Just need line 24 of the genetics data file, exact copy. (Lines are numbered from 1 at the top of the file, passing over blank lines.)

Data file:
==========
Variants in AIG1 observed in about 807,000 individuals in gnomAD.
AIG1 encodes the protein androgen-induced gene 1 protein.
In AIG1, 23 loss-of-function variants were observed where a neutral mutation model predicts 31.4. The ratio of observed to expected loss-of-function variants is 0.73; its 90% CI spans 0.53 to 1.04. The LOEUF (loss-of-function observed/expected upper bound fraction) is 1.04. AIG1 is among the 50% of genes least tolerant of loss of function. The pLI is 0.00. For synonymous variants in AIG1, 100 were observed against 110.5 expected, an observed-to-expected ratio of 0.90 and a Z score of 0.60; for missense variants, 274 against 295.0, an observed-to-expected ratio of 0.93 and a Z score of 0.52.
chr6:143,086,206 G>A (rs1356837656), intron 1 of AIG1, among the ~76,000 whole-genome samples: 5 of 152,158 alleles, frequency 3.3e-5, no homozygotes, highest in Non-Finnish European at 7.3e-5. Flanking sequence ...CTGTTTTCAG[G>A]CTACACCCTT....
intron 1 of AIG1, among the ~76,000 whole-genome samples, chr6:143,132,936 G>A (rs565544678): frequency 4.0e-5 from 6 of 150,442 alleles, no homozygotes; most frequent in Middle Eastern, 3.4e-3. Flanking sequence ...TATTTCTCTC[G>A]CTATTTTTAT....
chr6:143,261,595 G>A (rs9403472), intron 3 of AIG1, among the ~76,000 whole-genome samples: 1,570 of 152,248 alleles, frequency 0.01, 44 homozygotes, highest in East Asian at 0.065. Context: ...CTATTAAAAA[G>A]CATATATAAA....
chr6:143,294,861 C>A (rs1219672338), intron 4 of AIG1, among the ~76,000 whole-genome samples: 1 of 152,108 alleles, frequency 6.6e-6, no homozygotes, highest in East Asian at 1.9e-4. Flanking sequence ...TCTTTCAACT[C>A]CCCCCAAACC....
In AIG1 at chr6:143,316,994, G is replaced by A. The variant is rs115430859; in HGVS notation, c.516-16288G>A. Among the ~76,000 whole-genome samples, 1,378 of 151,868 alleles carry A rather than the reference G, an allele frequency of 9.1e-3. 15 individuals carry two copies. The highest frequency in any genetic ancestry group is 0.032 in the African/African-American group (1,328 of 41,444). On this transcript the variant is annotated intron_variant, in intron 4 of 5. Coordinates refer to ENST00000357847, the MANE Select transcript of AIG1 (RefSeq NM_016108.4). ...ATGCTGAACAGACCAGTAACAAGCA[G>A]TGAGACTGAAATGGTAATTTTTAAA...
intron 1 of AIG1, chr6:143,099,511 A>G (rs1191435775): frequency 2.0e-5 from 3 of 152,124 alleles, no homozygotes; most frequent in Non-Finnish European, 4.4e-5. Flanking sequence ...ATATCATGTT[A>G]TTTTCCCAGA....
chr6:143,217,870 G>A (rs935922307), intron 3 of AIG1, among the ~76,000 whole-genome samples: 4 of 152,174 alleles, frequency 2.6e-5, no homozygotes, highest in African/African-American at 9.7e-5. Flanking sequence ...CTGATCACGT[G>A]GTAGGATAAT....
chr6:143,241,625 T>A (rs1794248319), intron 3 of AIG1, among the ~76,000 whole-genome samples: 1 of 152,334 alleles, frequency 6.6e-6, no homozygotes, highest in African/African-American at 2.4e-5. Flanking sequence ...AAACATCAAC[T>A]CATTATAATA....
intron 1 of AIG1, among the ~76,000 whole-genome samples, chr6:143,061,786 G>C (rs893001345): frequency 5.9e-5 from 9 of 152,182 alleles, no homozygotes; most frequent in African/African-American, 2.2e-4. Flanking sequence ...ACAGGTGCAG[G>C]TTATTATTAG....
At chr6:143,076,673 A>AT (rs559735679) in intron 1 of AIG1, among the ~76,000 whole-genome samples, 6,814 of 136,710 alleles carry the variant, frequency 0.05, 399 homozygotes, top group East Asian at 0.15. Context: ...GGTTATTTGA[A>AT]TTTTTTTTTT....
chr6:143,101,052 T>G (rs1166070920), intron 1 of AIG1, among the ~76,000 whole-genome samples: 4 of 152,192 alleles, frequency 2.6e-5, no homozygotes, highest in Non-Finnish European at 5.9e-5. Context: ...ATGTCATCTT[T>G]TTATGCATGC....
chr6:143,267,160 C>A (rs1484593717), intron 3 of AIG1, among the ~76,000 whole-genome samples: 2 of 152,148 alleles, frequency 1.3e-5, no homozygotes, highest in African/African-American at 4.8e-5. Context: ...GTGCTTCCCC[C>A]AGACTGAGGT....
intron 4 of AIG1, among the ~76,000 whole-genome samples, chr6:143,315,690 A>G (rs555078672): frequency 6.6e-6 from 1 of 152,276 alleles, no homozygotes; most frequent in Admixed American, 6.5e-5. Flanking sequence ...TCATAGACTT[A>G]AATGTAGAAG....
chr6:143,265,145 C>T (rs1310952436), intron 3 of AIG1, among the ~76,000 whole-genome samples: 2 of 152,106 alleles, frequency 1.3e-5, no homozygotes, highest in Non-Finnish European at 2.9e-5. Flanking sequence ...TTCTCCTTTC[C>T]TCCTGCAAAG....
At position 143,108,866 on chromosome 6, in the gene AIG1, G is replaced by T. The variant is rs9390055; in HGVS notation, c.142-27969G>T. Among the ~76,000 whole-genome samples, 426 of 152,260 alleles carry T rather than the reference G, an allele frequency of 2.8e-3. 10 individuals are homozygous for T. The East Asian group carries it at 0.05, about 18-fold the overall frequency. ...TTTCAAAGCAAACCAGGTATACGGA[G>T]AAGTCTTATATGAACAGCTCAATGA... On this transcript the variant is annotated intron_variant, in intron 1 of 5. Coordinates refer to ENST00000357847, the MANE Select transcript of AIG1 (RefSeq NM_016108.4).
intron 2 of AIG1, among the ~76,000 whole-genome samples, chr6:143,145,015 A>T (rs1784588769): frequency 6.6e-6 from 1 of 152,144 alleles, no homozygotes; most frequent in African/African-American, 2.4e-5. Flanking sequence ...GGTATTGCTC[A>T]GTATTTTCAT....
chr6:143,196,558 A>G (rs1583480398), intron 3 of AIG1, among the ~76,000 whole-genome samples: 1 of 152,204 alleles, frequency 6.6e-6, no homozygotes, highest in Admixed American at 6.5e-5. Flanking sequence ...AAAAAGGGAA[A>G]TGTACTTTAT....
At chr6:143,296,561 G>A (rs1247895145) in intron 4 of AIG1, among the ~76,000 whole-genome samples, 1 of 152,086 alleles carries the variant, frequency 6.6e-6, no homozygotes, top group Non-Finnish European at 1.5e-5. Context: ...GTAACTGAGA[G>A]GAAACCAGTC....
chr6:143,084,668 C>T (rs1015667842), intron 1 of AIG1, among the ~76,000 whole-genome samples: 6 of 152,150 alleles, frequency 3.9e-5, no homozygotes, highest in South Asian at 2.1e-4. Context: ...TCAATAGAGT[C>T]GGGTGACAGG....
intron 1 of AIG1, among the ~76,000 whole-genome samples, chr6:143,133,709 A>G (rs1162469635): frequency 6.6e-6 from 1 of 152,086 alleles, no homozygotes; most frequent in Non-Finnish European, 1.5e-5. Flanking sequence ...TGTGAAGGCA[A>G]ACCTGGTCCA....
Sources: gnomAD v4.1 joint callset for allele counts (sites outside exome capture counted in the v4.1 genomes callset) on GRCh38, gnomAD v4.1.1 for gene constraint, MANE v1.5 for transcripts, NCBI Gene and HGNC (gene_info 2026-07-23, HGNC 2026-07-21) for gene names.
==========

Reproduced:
Sources: gnomAD v4.1 joint callset for allele counts (sites outside exome capture counted in the v4.1 genomes callset) on GRCh38, gnomAD v4.1.1 for gene constraint, MANE v1.5 for transcripts, NCBI Gene and HGNC (gene_info 2026-07-23, HGNC 2026-07-21) for gene names.